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How to Do the Drag Curl: Form, Benefits & Alternatives


The drag curl is an “old-school” bodybuilding exercise famed for its ability to build your biceps “peak.”

While it may not be as popular as regular barbell and dumbbell curls, it’s a fantastic exercise for gaining upper arm size and strength.

In this article, you’ll learn what drag curls are, how to do proper drag curl form, the benefits of the exercise, which muscles it works, common mistakes and how to avoid them, the best barbell drag curl alternatives and variations, and more. 

What Are Drag Curls?

Drag curls are a variation of the standard biceps curl that emphasize the biceps long head. 

The biceps long head is the portion of the biceps on the outside of the upper arm that gives the appearance of a “peak” when flexed.

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Drag Curl Form: How to Do Drag Curls Correctly

To master drag curl form, split the exercise into three parts: set up, drag, and descend.

1. Set up

While standing up straight with your feet shoulder-width apart, hold a barbell with a shoulder-width grip and your palms facing away from you. Allow your arms to hang straight down so the bar rests on your thighs.

2. Drag 

Drag the bar up your body by bending your elbows and allowing them to move backward. Continue moving your elbows back until the bar reaches nipple height or slightly below.

3. Descend

Reverse the movement and return to the starting position. 

Here’s how it should look when you put it all together:

The Benefits of the Drag Curl

Maximum Biceps Development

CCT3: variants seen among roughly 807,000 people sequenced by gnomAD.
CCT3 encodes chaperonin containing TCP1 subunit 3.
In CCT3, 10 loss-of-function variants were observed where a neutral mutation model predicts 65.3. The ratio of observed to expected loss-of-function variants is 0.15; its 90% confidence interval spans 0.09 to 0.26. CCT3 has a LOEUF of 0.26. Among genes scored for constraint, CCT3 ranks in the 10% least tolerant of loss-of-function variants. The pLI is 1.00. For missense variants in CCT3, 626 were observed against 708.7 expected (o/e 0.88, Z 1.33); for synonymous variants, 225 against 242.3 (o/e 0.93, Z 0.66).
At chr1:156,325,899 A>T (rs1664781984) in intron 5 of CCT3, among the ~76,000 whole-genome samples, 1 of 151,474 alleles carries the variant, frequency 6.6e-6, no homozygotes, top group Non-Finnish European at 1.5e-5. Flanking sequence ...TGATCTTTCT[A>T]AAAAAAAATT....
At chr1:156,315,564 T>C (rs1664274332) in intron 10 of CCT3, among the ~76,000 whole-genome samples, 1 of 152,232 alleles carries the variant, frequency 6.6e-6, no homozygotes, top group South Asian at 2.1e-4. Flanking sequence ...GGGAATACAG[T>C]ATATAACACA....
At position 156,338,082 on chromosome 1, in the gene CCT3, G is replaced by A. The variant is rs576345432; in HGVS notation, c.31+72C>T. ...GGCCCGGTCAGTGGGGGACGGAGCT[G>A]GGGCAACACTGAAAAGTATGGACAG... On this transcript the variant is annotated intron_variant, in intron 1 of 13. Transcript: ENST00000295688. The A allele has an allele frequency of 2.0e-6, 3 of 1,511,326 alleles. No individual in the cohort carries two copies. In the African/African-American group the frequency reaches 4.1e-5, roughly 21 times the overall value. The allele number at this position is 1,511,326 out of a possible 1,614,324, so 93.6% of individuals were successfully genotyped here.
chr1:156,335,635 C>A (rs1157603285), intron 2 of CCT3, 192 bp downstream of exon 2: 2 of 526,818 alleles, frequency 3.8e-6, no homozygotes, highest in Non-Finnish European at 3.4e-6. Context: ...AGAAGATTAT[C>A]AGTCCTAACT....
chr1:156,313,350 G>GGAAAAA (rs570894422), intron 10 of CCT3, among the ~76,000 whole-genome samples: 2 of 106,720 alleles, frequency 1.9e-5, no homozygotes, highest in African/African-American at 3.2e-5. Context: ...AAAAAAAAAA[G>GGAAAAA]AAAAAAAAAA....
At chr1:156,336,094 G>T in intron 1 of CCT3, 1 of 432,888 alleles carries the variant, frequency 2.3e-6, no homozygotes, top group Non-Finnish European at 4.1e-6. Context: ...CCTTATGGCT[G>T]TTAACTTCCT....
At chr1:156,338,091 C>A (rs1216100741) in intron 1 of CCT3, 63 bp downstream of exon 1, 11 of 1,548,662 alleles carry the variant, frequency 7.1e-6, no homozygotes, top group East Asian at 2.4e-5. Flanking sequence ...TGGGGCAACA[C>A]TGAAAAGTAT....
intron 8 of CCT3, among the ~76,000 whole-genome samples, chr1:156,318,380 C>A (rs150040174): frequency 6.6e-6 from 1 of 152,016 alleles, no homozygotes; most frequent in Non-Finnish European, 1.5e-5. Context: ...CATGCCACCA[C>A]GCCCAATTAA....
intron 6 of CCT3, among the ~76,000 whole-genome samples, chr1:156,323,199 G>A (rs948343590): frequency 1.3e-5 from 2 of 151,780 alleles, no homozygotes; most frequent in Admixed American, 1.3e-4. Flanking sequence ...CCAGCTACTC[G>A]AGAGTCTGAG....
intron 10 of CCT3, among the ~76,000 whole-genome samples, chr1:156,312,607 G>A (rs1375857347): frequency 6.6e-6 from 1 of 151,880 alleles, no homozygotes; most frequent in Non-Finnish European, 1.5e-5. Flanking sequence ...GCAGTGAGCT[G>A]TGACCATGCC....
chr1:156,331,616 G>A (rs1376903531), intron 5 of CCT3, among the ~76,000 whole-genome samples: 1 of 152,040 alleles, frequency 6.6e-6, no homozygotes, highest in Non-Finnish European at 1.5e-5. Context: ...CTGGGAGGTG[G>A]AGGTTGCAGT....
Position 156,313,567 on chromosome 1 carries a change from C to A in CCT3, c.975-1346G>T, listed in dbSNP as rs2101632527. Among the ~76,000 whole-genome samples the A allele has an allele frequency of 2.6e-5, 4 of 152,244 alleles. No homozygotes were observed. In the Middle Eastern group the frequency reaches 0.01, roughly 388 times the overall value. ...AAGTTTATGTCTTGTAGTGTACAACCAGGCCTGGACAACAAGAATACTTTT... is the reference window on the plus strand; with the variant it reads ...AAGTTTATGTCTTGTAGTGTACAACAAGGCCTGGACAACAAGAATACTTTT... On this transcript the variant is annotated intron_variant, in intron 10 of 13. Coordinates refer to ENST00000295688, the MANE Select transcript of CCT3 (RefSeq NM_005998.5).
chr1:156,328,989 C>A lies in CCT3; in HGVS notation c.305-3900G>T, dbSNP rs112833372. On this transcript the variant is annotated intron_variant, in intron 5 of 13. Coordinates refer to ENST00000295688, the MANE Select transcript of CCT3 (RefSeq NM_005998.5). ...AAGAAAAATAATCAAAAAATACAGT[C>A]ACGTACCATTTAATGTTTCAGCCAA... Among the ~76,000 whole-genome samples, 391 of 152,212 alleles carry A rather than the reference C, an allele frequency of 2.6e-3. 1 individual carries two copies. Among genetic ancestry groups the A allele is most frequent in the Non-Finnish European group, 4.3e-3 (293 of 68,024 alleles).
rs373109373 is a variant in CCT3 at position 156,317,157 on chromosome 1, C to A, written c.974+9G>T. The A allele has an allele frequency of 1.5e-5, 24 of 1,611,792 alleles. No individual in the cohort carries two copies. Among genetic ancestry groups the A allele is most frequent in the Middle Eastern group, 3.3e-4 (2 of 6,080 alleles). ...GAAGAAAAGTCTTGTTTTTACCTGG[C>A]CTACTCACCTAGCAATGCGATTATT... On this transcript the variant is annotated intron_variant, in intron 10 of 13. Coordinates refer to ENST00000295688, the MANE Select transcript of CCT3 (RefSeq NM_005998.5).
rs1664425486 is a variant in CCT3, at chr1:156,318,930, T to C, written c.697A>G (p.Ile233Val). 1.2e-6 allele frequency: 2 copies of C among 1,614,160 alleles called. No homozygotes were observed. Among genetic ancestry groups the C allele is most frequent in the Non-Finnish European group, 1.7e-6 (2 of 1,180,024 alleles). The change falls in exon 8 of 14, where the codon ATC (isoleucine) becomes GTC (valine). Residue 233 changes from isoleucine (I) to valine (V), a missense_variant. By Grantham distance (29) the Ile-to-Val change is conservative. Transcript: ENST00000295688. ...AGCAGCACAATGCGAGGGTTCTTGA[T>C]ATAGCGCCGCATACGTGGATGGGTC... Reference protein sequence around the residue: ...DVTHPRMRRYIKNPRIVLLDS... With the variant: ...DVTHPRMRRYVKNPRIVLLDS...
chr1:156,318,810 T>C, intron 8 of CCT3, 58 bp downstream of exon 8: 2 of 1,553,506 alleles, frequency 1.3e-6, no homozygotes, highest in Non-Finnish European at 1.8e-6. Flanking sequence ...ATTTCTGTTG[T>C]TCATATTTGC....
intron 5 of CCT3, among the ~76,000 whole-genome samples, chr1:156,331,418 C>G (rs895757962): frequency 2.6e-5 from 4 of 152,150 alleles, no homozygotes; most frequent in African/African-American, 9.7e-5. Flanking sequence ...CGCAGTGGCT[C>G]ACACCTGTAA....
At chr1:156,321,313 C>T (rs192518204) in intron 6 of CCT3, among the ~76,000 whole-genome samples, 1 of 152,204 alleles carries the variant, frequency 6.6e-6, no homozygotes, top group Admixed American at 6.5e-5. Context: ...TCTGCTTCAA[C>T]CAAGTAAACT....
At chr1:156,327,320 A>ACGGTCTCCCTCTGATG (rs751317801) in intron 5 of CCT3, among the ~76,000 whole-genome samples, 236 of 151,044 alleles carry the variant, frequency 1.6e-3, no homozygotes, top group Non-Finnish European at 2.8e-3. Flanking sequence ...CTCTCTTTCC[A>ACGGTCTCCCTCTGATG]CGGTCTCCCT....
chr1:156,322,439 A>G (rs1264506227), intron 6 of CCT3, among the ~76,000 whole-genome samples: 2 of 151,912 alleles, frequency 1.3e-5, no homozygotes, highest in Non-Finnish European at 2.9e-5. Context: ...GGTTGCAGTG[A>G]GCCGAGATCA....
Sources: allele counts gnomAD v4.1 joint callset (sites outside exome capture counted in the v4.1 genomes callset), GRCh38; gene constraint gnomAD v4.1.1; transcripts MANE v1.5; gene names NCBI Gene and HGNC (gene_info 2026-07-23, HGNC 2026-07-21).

Research shows that combining compound pulling exercises involving the biceps with targeted biceps exercises like the drag curl maximizes biceps growth. 

Doing so allows you to train your biceps at different angles and through varying ranges of motion, which produces more balanced and complete growth than only using compound exercises.

It also ensures you train your “bis” with enough volume (sets) to stimulate growth without other muscles becoming a limiting factor.

Biceps Peak Emphasis

The long head of the biceps “crosses” the shoulder joint, so it’s most stretched and able to generate maximum force when your arm is behind your body. 

Thus, exercises that position your arms behind your body, like the drag biceps curl, tend to be the best exercises for developing your biceps long heads, which is the portion of the biceps that contributes most to your biceps peak.

Shoulder Stability

The biceps, especially its long head, plays a role in stabilizing the head of the humerus (upper arm bone) within the glenoid cavity (a shallow socket in your shoulder blade that holds the humerus).

Therefore, strengthening the biceps may help stabilize the shoulder and keep it healthy.

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Drag Curl: Muscles Worked

The main muscles worked by the drag curl are the biceps brachii, or “biceps.” It also works your brachialis and forearms to a lesser extent.

Here’s how the main muscle group worked by the drag curl looks on your body:


Alternating Dumbbell Curl Muscles Worked


Sets and Reps for the Drag Curl

Because you use a barbell (or EZ bar) for the drag biceps curl, it’s inherently more stable and balanced than most other biceps isolation exercises, thus allowing you to lift heavier weights.

For men looking to build muscle and gain strength, doing 3 sets of 4-to-6 or 6-to-8 reps works well, whereas 3 sets of 6-to-8 or 8-to-10 reps is more fitting for women.

Who Should Do the Drag Curl?

The drag curl is an excellent exercise for anyone looking to maximize biceps size and strength. It’s well-suited to those who have access to limited equipment (if you train at home, for example) since it allows you to train your arms in a novel way without requiring any specialist equipment.

Common Drag Curl Mistakes

Using too much weight

Trying to lift too much weight on the drag curl can cause your form to break down, reducing the effectiveness of the exercise and increasing the risk of injury.

Avoid this by choosing a weight that allows you to complete each rep with proper form and focus on performing “clean” reps rather than how much weight you lift.

Letting the weight fall back to the starting position